Local Ojibwe Tribal Members Participate in Drum Circle Photo by Jean Germano
As the fall leaves started to depart the trees, students, faculty, and community members gathered on and around the Maawanji’idiwin (The Place Where We Come Together) for the commemoration of Indigenous Peoples’ Day on the grounds of the University of Wisconsin-Superior campus.
The gathering, held on Oct. 14, featured speeches by Kat Werchouski and Jerel Benton of the University’s Equity, Diversion and Inclusion department; State Senator Janet Bewley; State Representative Nick Milroy; Superior Mayor Jim Paine; University Interim Provost Dr. Maria Cuzzo; and Ronnie Preston of the Woodland Sky Native Dance Company during the ceremony.
The different speakers were united in their cause of recognizing indigenous peoples. “It is not ‘indigenous’ day, it is not indigenous ‘place’ day, it is indigenous ‘peoples’ day.” This was the call made by Superior Mayor Paine who earlier that day had made a formal declaration that henceforth the City would recognize the second Monday of October as Indigenous Peoples’ Day.
Werchouski, a member of the Red Cliff Ojibwe band, acted as the event’s master of ceremonies and extended recognition to the ogichchidaa (warriors/veterans) and local leaders present at the event, but noted that as per tradition it was not necessary to call out these individuals specifically as, “…we’re all here together…”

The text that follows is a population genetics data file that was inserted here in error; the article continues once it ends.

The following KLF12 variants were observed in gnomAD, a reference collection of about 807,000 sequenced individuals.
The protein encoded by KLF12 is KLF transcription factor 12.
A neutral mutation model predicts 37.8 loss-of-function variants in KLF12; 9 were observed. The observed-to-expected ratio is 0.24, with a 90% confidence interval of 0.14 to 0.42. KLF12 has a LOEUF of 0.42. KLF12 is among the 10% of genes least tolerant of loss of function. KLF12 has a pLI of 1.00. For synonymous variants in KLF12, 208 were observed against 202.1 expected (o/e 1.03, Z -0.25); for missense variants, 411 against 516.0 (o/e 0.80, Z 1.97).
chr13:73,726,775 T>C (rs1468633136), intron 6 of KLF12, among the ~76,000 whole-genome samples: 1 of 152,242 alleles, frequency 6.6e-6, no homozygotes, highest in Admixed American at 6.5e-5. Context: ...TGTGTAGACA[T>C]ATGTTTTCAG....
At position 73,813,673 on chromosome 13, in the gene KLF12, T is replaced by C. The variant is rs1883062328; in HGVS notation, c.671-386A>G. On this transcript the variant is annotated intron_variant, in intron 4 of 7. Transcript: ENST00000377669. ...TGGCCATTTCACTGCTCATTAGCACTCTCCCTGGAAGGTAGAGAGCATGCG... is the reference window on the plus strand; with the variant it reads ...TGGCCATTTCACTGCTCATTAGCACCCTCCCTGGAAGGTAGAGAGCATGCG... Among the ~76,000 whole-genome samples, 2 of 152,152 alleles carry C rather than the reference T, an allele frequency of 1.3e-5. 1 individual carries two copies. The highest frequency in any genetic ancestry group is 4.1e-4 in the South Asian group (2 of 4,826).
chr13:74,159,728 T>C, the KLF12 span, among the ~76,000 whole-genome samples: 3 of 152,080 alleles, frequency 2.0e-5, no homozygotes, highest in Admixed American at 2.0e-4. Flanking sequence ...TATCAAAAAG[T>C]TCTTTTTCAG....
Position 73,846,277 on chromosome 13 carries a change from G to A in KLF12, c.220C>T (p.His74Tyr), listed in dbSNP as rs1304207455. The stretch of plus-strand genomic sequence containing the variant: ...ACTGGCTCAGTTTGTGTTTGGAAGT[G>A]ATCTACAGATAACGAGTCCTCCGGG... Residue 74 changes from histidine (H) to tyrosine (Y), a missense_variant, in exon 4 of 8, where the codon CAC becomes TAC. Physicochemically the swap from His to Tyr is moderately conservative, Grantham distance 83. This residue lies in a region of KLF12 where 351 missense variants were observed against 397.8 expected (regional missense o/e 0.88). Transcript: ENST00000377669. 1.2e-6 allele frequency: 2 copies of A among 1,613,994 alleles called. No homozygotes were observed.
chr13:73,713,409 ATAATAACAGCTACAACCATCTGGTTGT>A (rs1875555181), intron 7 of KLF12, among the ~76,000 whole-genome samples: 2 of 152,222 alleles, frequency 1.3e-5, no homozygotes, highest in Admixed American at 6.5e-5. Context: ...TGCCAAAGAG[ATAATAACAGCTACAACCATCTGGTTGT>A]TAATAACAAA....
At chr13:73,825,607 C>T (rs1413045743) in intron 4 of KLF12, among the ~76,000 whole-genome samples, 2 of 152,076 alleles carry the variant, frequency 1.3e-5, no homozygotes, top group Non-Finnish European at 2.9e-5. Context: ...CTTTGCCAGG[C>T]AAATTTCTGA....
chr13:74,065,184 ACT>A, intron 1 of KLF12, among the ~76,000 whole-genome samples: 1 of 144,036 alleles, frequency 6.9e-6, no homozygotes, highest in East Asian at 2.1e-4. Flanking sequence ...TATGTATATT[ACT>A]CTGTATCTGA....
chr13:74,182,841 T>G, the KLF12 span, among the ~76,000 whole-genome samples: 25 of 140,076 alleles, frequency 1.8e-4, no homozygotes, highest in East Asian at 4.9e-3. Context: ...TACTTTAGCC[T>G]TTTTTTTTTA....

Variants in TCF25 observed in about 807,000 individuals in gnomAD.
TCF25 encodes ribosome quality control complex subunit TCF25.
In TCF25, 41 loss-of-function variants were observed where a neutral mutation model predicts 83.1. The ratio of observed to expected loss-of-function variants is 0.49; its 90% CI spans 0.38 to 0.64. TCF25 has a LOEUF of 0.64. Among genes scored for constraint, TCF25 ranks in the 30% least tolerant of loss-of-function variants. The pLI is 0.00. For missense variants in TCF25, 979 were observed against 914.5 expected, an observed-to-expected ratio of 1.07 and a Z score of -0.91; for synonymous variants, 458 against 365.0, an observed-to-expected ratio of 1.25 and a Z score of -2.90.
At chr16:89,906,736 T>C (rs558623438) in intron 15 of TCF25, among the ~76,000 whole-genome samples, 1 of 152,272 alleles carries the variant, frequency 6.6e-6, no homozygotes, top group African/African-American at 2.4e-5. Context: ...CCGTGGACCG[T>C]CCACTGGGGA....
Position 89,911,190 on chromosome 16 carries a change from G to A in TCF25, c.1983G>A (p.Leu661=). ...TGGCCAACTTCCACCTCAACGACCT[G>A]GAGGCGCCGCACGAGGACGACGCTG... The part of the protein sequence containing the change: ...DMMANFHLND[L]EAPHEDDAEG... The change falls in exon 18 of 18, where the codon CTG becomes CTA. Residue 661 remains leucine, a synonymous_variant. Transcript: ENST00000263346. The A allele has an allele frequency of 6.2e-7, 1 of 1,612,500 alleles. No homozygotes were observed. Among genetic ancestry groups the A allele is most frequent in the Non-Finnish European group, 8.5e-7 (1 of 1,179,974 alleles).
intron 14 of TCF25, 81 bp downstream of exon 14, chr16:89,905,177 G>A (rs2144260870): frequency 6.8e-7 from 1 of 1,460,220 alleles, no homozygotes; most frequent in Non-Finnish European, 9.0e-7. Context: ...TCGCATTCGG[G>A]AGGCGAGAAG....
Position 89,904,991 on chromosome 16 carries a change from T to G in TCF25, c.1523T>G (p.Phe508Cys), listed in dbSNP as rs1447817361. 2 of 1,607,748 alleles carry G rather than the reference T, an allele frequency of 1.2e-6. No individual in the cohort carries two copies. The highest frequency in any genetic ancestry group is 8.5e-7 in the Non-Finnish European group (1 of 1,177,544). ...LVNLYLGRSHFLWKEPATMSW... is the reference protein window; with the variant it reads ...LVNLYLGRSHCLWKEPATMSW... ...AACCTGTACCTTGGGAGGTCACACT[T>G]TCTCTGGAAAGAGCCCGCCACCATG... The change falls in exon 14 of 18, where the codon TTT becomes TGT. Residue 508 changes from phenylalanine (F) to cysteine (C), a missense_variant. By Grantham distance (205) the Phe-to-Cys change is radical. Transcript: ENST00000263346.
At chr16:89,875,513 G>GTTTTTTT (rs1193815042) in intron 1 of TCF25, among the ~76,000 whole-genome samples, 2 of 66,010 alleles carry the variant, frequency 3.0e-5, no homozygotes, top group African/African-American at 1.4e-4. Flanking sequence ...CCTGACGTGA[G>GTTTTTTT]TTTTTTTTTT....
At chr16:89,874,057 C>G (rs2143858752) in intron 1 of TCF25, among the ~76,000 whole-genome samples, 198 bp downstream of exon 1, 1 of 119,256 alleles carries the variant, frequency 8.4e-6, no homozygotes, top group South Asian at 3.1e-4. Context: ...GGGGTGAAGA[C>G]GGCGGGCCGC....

Benton said, “[This proclamation provides evidence of our support] as we move forward to embrace this indigenous culture. We do not expect [indigenous] individuals to leave their culture at home and assimilate to the dominant culture. We want to help them… make folks aware of the culture that currently exists and is thriving in many ways today.”
Milroy took the time to recognize many of the past and present local tribal leaders who had helped educate him about Native peoples and
and their cultures. Citing Bad River tribal member Patty Loew as having provided inspiration, he went on to speak on a bipartisan bill he had worked to draft that would provide in-state student pricing to any prospective student who is the member of a federally recognized tribe.
Bewley took the stand to speak on a bill that was passing through the Wisconsin legislative system that promises some debt forgiveness to the student loans of minorities who attend UW-System schools and go on to teach at Wisconsin school districts with sizable minority populations. “I thought, ‘what an idea,’” she said, “but then I read the fine print.” Bewley expressed concern that the definition of minority population in the bill presently places too high a threshold at 40%; making it harder for people from smaller tribes to return to their local area schools.
Towards the close of the gathering Ronnie Preston of the Woodland Sky Native American Dance Company came forward to speak on the performance his group would be putting on in the Thorpe Langley Auditorium immediately after the ceremony. Preston said, “When you sit down in that auditorium, don’t think of it as an auditorium. Think of it as a classroom and we the dancers as the teachers.”
The performances showcased Native stories and history from the lands of the Ojibwe to those of the Omaha in the Southwest. Renditions of the Omaha Grass Dance, memories about Second World War battleship service, and traditional tales were all seen and told during the performance accented with dance, colorful lighting, and plumes of smoke.